Slater et al v. Republic-Vanguard Insurance Company
ORDER denying plaintiffs' 11 Motion for Summary Judgment; granting 12 defendant's Motion for Summary Judgment and directing the Clerk to close the case. Signed by Judge James M. Moody on 7/7/10. (bkp)
Slater et al v. Republic-Vanguard Insurance Company
UNITED STATES DISTRICT COURT EASTERN DISTRICT OF ARKANSAS PINE BLUFF WANDA H. SLATER, B. BARTON SLATER, AS ASSIGNEES AND REAL PARTIES IN INTEREST, AND LCI EQUIPMENTS, INC., AS ASSIGNOR AND NOMINAL PLAINTIFF V. 5:09CV00269 JMM DEFENDANT
REPUBLIC-VANGUARD INSURANCE COMPANY ORDER
Pending are cross-motions for summary judgment. The parties have filed responses and replies. The parties agree that there are no genuine issues of material fact remaining in the case. For the reasons set forth below, Plaintiffs' Motion for Summary Judgment is DENIED and Defendant's Motion for Summary Judgment is GRANTED. I. Facts
On September 28, 2004, Rudy and Wanda Slater purchased a used Yanmar tractor from Chris Elder Enterprises. Rudy Slater was killed one week later when the tractor rolled over on him while mowing around his pond. The tractor was not equipped with a roll-over protection system ("ROPS"). The tractor was designed in 1973 and manufactured in 1977 by Yanmar for use in Japan. It was imported to the United States in January 2004 from Le Chau, or Lucky Company, Inc., in Vietnam to LCI Enterprises, Inc. ("LCI") in Texas. When LCI imported the tractor it had been refurbished and the odometer had been reset. The tractor was not checked for roll-over protection. LCI sold the tractor at an auction in Oklahoma to Chris Elder Enterprises. Wanda Slater filed suit against LCI and other defendants for their part in the death of her
husband, Rudy. LCI had insurance coverage under a Commercial General Liability Insurance Policy (the "Policy") with Republic-Vanguard Insurance Company ("Republic-Vanguard") from October 7, 2003 to October 7, 2004. Republic-Vanguard was notified of the lawsuit against its insured. Scarlett Lieck, the third-party administrator for Republic-Vanguard, denied the claim explaining that she believed the lawsuit was a defective products claim and, therefore, fell within the Products-Competed Operations exclusion of the Policy. Finding no coverage, RepublicVanguard refused to defend the suit. At the conclusion of the trial in Mrs. Slater's case, the jury returned a verdict against LCI for supplying an unreasonably dangerous product and negligence in favor of Wanda Slater. The jury found LCI liable for $725,000.00 in damages to Mrs. Slater. LCI assigned its rights and interests under the Policy for the claim and judgment to Mrs. Slater. She filed suit in federal court against Republic-Vanguard seeking the Court's declaration of coverage under the Policy. II. Standard for Summary Judgment
Summary judgment is appropriate only when there is no genuine issue of material fact, so that the dispute may be decided solely on legal grounds. Holloway v. Lockhart, 813 F.2d 874 (8th Cir. 1987); Fed. R. Civ. P. 56. The Supreme Court has established guidelines to assist trial courts in determining whether this standard has been met: The inquiry is the threshold inquiry of determining whether there is a need for trial -- whether, in other words, there are genuine factual issues that properly can be resolved only by a finder of fact because they may reasonably be resolved in favor of either party. Anderson v. Liberty Lobby, Inc., 477 U.S. 242, 250 (1986). The Eighth Circuit Court of Appeals has cautioned that summary judgment should be invoked carefully so that no person will be improperly deprived of a trial of disputed factual 2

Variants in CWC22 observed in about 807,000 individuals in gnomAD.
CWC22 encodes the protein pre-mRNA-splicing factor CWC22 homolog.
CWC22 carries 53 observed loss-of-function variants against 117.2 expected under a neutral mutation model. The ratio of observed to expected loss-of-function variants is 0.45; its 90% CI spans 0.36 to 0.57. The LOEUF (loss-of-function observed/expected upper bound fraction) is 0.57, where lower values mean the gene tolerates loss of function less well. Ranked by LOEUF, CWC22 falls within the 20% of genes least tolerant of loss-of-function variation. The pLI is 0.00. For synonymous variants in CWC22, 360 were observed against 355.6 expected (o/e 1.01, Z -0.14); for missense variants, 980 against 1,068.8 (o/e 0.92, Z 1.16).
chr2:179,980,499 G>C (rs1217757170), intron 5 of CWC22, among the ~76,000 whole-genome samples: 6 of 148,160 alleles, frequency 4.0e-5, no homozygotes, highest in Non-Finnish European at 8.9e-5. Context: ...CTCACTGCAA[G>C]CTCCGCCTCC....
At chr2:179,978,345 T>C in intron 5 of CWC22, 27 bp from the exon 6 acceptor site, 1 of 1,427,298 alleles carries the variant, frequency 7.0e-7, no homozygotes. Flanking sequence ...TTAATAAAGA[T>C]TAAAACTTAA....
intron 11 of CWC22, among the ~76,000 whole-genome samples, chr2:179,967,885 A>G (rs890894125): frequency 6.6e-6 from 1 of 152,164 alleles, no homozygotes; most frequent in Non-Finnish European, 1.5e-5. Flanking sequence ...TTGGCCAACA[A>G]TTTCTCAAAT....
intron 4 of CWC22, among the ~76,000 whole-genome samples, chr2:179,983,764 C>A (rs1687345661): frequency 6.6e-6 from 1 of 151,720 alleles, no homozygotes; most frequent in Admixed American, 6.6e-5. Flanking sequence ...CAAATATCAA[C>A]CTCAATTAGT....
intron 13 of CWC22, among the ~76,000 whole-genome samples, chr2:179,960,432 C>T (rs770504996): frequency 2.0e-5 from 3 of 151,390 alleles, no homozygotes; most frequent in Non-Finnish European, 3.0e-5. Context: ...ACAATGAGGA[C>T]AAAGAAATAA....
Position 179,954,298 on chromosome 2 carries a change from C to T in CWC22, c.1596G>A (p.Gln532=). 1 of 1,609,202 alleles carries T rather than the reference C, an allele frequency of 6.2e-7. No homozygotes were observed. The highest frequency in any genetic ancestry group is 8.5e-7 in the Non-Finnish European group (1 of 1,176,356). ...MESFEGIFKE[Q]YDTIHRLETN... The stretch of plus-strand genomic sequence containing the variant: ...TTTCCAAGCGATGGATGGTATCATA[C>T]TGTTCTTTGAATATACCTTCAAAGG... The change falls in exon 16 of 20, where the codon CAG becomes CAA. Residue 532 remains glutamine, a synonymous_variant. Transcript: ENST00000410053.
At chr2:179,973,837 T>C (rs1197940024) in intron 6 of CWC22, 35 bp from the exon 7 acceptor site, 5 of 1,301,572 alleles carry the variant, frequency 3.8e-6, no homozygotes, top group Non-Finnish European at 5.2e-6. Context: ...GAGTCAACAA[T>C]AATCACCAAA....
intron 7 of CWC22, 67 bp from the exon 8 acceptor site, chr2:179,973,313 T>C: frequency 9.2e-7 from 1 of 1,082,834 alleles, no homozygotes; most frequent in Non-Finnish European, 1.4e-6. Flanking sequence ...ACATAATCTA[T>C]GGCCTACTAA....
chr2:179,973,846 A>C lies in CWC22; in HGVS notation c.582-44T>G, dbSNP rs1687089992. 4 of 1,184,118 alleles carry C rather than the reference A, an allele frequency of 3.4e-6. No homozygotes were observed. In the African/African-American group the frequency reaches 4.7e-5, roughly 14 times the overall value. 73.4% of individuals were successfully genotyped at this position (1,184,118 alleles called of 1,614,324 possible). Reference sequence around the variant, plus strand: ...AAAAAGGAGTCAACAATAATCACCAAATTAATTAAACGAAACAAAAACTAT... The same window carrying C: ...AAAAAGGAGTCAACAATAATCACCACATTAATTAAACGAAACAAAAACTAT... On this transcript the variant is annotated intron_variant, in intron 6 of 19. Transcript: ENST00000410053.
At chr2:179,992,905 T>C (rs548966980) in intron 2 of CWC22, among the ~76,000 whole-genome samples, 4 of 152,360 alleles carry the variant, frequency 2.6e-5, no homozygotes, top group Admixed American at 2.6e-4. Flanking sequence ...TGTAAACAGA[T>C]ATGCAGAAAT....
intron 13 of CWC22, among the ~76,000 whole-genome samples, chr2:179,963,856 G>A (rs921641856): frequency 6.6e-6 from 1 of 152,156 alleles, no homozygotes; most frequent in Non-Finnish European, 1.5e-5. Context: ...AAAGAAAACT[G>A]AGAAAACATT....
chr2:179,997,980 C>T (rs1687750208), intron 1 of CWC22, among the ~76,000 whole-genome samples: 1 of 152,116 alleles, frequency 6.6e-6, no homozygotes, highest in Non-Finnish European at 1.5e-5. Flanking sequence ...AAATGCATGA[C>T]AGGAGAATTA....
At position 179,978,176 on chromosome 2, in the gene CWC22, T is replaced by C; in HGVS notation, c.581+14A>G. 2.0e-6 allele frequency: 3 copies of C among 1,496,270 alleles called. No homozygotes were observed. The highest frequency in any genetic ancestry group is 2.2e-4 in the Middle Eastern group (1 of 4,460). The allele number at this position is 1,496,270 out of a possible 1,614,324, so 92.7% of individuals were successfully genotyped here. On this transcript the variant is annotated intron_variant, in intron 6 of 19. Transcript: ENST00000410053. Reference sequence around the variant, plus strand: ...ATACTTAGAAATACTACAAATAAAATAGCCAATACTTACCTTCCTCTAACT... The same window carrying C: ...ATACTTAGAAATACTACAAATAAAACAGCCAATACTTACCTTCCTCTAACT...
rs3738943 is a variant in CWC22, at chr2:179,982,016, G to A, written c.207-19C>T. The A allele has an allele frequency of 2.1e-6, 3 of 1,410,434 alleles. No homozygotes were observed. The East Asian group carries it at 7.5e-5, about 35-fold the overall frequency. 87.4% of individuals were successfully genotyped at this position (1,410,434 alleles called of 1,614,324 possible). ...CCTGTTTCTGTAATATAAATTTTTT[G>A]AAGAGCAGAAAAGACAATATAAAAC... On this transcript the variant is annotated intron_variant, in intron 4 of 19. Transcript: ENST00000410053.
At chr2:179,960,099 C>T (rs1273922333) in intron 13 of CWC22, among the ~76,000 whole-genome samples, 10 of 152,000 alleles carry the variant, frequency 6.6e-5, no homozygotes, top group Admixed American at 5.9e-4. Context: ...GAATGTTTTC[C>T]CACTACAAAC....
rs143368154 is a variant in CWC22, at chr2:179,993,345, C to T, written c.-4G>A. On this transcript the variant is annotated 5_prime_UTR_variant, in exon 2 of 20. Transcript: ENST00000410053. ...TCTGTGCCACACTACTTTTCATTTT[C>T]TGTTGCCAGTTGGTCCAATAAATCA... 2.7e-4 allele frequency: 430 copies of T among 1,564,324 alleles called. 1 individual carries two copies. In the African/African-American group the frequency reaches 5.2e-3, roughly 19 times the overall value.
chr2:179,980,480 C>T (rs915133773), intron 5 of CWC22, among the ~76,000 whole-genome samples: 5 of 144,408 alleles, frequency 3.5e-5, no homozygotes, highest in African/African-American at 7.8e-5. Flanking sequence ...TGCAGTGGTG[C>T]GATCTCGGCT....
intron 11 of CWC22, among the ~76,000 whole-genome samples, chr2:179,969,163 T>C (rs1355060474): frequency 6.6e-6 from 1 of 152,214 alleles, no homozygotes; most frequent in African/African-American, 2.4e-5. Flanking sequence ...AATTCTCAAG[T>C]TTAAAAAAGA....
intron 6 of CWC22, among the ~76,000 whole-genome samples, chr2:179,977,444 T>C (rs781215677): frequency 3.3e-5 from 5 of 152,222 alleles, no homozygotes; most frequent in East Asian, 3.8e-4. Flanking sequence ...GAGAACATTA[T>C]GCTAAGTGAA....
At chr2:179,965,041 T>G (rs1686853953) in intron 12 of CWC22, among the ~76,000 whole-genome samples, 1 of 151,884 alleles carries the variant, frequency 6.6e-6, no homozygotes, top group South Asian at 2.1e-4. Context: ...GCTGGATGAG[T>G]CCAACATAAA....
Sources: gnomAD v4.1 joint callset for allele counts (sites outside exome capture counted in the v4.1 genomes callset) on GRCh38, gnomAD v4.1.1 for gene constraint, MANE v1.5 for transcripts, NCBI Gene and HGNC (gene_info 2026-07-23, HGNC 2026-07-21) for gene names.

issues. Inland Oil & Transport Co. v. United States, 600 F.2d 725 (8th Cir. 1979), cert. denied, 444 U.S. 991 (1979). The Eighth Circuit set out the burden of the parties in connection with a summary judgment motion in Counts v. M.K. Ferguson Co., 862 F.2d 1338 (8th Cir. 1988): [T]he burden on the moving party for summary judgment is only to demonstrate, i.e., `[to] point out to the District Court,' that the record does not disclose a genuine dispute on a material fact. It is enough for the movant to bring up the fact that the record does not contain such an issue and to identify that part of the record which bears out his assertion. Once this is done, his burden is discharged, and, if the record in fact bears out the claim that no genuine dispute exists on any material fact, it is then the respondent's burden to set forth affirmative evidence, specific facts, showing that there is a genuine dispute on that issue. If the respondent fails to carry that burden, summary judgment should be granted. Id. at 1339. (quoting City of Mt. Pleasant v. Associated Elec. Coop., 838 F.2d 268, 273-274 (8th Cir. 1988) (citations omitted)(brackets in original)). Only disputes over facts that may affect the outcome of the suit under governing law will properly preclude the entry of summary judgment. Anderson, 477 U.S. at 248. III. A. Discussion of the Law Choice of Laws
The federal court's interpretation of an insurance policy in a diversity case such as this is governed by state law. National Union Fire Insurance Company of Pittsburg v. Terra Industries, Inc., 346 F.3d 1160, 1164 (8th Cir. 2003). In a diversity case, the federal court applies the choice-of-law rules of the forum state. U.S. Fire Insurance Company v. Kresser Motor Service, Inc., 26 F.3d 91, 94 (8th Cir. 1994). In Arkansas, "[c]hoice-of-law questions regarding insurance coverage have traditionally been resolved by applying the law of the state where the insurance contract was made (the lex loci contractus rule)." Southern Farm Bureau 3